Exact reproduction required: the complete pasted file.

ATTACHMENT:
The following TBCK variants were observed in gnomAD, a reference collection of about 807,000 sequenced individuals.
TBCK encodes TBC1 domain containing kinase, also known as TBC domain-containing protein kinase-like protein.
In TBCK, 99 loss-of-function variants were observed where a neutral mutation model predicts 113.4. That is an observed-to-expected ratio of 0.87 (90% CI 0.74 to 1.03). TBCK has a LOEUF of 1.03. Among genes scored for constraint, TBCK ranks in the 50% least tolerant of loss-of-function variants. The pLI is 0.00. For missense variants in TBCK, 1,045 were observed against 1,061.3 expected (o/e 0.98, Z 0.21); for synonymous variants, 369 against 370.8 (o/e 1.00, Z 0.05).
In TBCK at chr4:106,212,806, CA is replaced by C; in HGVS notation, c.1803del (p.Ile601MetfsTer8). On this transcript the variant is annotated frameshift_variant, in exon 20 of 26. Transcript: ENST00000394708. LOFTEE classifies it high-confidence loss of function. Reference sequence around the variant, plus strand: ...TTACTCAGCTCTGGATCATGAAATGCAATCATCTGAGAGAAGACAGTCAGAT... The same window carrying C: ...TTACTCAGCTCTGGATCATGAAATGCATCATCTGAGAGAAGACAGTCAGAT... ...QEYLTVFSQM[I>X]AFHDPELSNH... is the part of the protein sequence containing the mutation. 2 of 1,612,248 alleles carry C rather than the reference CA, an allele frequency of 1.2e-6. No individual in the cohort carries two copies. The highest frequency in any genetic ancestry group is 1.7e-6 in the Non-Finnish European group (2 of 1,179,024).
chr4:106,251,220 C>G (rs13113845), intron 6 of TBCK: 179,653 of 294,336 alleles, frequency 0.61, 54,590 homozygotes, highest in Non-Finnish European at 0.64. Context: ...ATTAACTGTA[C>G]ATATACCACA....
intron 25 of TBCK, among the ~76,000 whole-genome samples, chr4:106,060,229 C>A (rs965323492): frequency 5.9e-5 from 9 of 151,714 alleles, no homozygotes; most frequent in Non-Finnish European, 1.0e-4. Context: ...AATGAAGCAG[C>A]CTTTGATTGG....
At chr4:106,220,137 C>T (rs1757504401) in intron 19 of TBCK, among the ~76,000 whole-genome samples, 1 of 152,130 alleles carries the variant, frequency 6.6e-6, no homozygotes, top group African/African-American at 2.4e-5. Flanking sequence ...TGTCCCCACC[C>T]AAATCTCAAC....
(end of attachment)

The following TBCK variants were observed in gnomAD, a reference collection of about 807,000 sequenced individuals.
TBCK encodes TBC1 domain containing kinase, also known as TBC domain-containing protein kinase-like protein.
In TBCK, 99 loss-of-function variants were observed where a neutral mutation model predicts 113.4. That is an observed-to-expected ratio of 0.87 (90% CI 0.74 to 1.03). TBCK has a LOEUF of 1.03. Among genes scored for constraint, TBCK ranks in the 50% least tolerant of loss-of-function variants. The pLI is 0.00. For missense variants in TBCK, 1,045 were observed against 1,061.3 expected (o/e 0.98, Z 0.21); for synonymous variants, 369 against 370.8 (o/e 1.00, Z 0.05).
In TBCK at chr4:106,212,806, CA is replaced by C; in HGVS notation, c.1803del (p.Ile601MetfsTer8). On this transcript the variant is annotated frameshift_variant, in exon 20 of 26. Transcript: ENST00000394708. LOFTEE classifies it high-confidence loss of function. Reference sequence around the variant, plus strand: ...TTACTCAGCTCTGGATCATGAAATGCAATCATCTGAGAGAAGACAGTCAGAT... The same window carrying C: ...TTACTCAGCTCTGGATCATGAAATGCATCATCTGAGAGAAGACAGTCAGAT... ...QEYLTVFSQM[I>X]AFHDPELSNH... is the part of the protein sequence containing the mutation. 2 of 1,612,248 alleles carry C rather than the reference CA, an allele frequency of 1.2e-6. No individual in the cohort carries two copies. The highest frequency in any genetic ancestry group is 1.7e-6 in the Non-Finnish European group (2 of 1,179,024).
chr4:106,251,220 C>G (rs13113845), intron 6 of TBCK: 179,653 of 294,336 alleles, frequency 0.61, 54,590 homozygotes, highest in Non-Finnish European at 0.64. Context: ...ATTAACTGTA[C>G]ATATACCACA....
intron 25 of TBCK, among the ~76,000 whole-genome samples, chr4:106,060,229 C>A (rs965323492): frequency 5.9e-5 from 9 of 151,714 alleles, no homozygotes; most frequent in Non-Finnish European, 1.0e-4. Context: ...AATGAAGCAG[C>A]CTTTGATTGG....
At chr4:106,220,137 C>T (rs1757504401) in intron 19 of TBCK, among the ~76,000 whole-genome samples, 1 of 152,130 alleles carries the variant, frequency 6.6e-6, no homozygotes, top group African/African-American at 2.4e-5. Flanking sequence ...TGTCCCCACC[C>T]AAATCTCAAC....